“To be honest, we didn’t know before; not how many people would be here, but how loud it would be and how engaged they were. It was quite fantastic; as a coach and as a player you’re involved in the game, but there are split seconds where you look around and see what’s going on and you realize this is fantastic.”

(Photo: Brandon Taylor/Forge FC)

Montreal turn things around with major halftime shakeup

Some eyebrows were raised at CF Montreal’s squad rotation coming into the match, with seven changes from the starting XI that played Nashville SC on the weekend. Sebastian Breza and Ilias Iliadis made their first appearances of the season, as the MLS club opted for a balanced squad that still included veterans like Joel Waterman and former Tottenham Hotspur midfielder Victor Wanyama.

In the first half, Montreal’s energy levels might have been a slight step behind Forge’s, with the visitors a little sluggish in transition at times and not quite connected in the final third. They found their way into the game toward the end of the first half, though, and forced Chris Kalongo into action although they still struggled to execute, particularly from set-pieces with a couple of attempts that were cleared comfortably.

At halftime, though, Montreal head coach Laurent Courtois turned the game on its head somewhat, making four substitutions and bringing in Bryce Duke, Ariel Lassiter, George Campbell and Raheem Edwards — all of whom started on the weekend against Nashville.

It took just over five minutes for the subs to make an impact; it was Edwards who intercepted the ball out of the air and he played it quickly across the box to Duke, who ultimately recovered his own rebound to score.

Courtois admitted after the game that the quadruple substitution had been completely unplanned, with the scoreline and the flow of play forcing him to bring on some of his more experienced players in order to avoid falling further behind.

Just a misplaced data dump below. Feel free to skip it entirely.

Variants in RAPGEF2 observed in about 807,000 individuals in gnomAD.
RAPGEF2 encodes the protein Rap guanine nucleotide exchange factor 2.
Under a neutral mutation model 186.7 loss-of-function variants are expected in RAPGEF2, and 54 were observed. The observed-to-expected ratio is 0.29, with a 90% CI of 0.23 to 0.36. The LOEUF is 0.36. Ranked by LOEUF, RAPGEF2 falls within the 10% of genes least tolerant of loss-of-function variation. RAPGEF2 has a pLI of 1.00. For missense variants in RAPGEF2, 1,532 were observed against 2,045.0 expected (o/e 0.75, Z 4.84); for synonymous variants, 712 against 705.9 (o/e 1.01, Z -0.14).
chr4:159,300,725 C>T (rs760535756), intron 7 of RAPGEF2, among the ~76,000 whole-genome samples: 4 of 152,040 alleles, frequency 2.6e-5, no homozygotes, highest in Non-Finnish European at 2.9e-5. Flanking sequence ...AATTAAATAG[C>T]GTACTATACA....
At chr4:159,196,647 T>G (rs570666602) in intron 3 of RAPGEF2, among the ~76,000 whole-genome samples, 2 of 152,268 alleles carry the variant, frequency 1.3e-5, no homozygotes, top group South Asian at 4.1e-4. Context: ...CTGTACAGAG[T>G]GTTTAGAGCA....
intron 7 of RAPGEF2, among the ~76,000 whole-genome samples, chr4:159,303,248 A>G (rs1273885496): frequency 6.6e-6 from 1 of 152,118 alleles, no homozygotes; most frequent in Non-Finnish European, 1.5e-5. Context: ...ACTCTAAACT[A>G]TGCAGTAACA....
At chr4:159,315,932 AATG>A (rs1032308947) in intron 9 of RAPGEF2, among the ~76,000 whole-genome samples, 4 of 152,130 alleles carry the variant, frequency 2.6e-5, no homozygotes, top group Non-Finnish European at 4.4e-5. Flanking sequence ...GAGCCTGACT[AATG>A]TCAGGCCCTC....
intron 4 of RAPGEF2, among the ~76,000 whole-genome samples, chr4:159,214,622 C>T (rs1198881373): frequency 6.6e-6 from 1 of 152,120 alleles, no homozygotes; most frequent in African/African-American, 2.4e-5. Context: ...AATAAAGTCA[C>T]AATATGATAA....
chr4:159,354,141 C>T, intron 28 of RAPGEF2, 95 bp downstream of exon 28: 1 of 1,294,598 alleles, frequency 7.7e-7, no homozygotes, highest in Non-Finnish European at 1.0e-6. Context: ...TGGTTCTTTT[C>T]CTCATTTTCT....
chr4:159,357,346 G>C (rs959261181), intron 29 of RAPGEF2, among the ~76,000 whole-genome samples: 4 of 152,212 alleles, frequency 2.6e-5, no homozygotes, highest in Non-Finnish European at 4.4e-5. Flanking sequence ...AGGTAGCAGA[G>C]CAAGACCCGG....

“That was not planned at all,” Courtois said. “I thought it was necessary. It was not ideal, but they were able to raise the level and at least show a bit of urgency and come back for the tie. But that was not the plan.”

Overall, Courtois suggested that he’d been impressed by Forge, who caused particular problems for Montreal with their aggression in the press and in their quick transitional play. The CPL side made better use of the width of the pitch (more on that later), especially with an inexperienced player like Ilias Iliadis matched up with David Choinière on the left flank.

“It’s a really good team we faced today,” Courtois said. “We knew they were going to have some moments with control where we needed to be careful, and we got punished also when we had the ball and they were able to capitalize in transition. They also got dangerous in the second half in those same moments, so we knew that both on the ball and off the ball it’s a really good team we faced and it could’ve gone both ways.”

Montreal likely didn’t want to use a many of their MLS regulars as they did in this game, with an extremely tough run of league matches coming up. They play Lionel Messi’s Inter Miami on Saturday, followed by Concacaf Champions Cup finalists Columbus Crew on Wednesday, and then derby rivals Toronto FC the following Saturday before Leg 2 against Forge.

(Photo: Brandon Taylor/Forge FC)

Forge use width of pitch, quality of wingers to create transitional attacks